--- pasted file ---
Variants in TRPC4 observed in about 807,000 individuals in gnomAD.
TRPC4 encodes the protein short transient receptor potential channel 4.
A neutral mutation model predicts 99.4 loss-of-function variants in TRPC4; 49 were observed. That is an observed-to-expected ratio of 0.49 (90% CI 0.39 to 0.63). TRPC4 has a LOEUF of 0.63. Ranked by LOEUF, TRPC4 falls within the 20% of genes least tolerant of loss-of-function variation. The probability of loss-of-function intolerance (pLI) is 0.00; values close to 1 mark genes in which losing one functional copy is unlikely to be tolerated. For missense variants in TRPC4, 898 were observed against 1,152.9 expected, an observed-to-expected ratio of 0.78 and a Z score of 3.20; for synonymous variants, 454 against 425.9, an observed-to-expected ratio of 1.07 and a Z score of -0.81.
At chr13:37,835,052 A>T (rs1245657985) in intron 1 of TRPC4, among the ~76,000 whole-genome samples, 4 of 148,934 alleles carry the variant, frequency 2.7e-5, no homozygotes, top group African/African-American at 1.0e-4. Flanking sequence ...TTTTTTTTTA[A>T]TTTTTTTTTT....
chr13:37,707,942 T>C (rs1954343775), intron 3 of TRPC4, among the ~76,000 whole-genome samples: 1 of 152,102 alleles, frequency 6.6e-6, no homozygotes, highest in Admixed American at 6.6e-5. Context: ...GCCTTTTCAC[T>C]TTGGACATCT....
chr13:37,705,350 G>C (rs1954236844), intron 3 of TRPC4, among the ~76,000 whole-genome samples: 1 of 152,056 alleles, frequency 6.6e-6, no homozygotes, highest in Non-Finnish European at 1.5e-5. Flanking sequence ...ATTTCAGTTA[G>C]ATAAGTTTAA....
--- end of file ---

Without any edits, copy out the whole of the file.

Variants in TRPC4 observed in about 807,000 individuals in gnomAD.
TRPC4 encodes the protein short transient receptor potential channel 4.
A neutral mutation model predicts 99.4 loss-of-function variants in TRPC4; 49 were observed. That is an observed-to-expected ratio of 0.49 (90% CI 0.39 to 0.63). TRPC4 has a LOEUF of 0.63. Ranked by LOEUF, TRPC4 falls within the 20% of genes least tolerant of loss-of-function variation. The probability of loss-of-function intolerance (pLI) is 0.00; values close to 1 mark genes in which losing one functional copy is unlikely to be tolerated. For missense variants in TRPC4, 898 were observed against 1,152.9 expected, an observed-to-expected ratio of 0.78 and a Z score of 3.20; for synonymous variants, 454 against 425.9, an observed-to-expected ratio of 1.07 and a Z score of -0.81.
At chr13:37,835,052 A>T (rs1245657985) in intron 1 of TRPC4, among the ~76,000 whole-genome samples, 4 of 148,934 alleles carry the variant, frequency 2.7e-5, no homozygotes, top group African/African-American at 1.0e-4. Flanking sequence ...TTTTTTTTTA[A>T]TTTTTTTTTT....
chr13:37,707,942 T>C (rs1954343775), intron 3 of TRPC4, among the ~76,000 whole-genome samples: 1 of 152,102 alleles, frequency 6.6e-6, no homozygotes, highest in Admixed American at 6.6e-5. Context: ...GCCTTTTCAC[T>C]TTGGACATCT....
chr13:37,705,350 G>C (rs1954236844), intron 3 of TRPC4, among the ~76,000 whole-genome samples: 1 of 152,056 alleles, frequency 6.6e-6, no homozygotes, highest in Non-Finnish European at 1.5e-5. Flanking sequence ...ATTTCAGTTA[G>C]ATAAGTTTAA....